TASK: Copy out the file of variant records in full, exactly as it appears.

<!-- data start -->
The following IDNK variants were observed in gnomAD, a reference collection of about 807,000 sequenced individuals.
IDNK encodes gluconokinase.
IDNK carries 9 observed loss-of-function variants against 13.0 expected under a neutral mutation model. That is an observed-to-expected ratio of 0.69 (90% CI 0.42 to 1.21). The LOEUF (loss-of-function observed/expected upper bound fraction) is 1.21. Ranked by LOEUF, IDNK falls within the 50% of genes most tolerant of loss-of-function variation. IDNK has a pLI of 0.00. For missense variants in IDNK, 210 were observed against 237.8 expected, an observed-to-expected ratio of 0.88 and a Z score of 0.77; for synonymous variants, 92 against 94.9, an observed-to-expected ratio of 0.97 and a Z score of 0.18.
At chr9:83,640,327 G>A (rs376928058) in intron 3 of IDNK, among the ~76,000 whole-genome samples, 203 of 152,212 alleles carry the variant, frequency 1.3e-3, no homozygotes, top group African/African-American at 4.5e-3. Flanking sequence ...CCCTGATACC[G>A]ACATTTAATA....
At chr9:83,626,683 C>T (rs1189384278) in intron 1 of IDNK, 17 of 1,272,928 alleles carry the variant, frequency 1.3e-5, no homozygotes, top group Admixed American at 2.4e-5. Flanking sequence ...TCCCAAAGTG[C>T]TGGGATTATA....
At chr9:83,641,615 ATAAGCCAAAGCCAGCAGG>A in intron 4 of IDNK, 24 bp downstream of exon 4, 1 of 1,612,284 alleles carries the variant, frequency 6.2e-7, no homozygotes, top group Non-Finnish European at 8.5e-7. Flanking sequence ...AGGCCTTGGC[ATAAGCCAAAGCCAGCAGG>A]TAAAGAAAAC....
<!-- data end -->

The following IDNK variants were observed in gnomAD, a reference collection of about 807,000 sequenced individuals.
IDNK encodes gluconokinase.
IDNK carries 9 observed loss-of-function variants against 13.0 expected under a neutral mutation model. That is an observed-to-expected ratio of 0.69 (90% CI 0.42 to 1.21). The LOEUF (loss-of-function observed/expected upper bound fraction) is 1.21. Ranked by LOEUF, IDNK falls within the 50% of genes most tolerant of loss-of-function variation. IDNK has a pLI of 0.00. For missense variants in IDNK, 210 were observed against 237.8 expected, an observed-to-expected ratio of 0.88 and a Z score of 0.77; for synonymous variants, 92 against 94.9, an observed-to-expected ratio of 0.97 and a Z score of 0.18.
At chr9:83,640,327 G>A (rs376928058) in intron 3 of IDNK, among the ~76,000 whole-genome samples, 203 of 152,212 alleles carry the variant, frequency 1.3e-3, no homozygotes, top group African/African-American at 4.5e-3. Flanking sequence ...CCCTGATACC[G>A]ACATTTAATA....
At chr9:83,626,683 C>T (rs1189384278) in intron 1 of IDNK, 17 of 1,272,928 alleles carry the variant, frequency 1.3e-5, no homozygotes, top group Admixed American at 2.4e-5. Flanking sequence ...TCCCAAAGTG[C>T]TGGGATTATA....
At chr9:83,641,615 ATAAGCCAAAGCCAGCAGG>A in intron 4 of IDNK, 24 bp downstream of exon 4, 1 of 1,612,284 alleles carries the variant, frequency 6.2e-7, no homozygotes, top group Non-Finnish European at 8.5e-7. Flanking sequence ...AGGCCTTGGC[ATAAGCCAAAGCCAGCAGG>A]TAAAGAAAAC....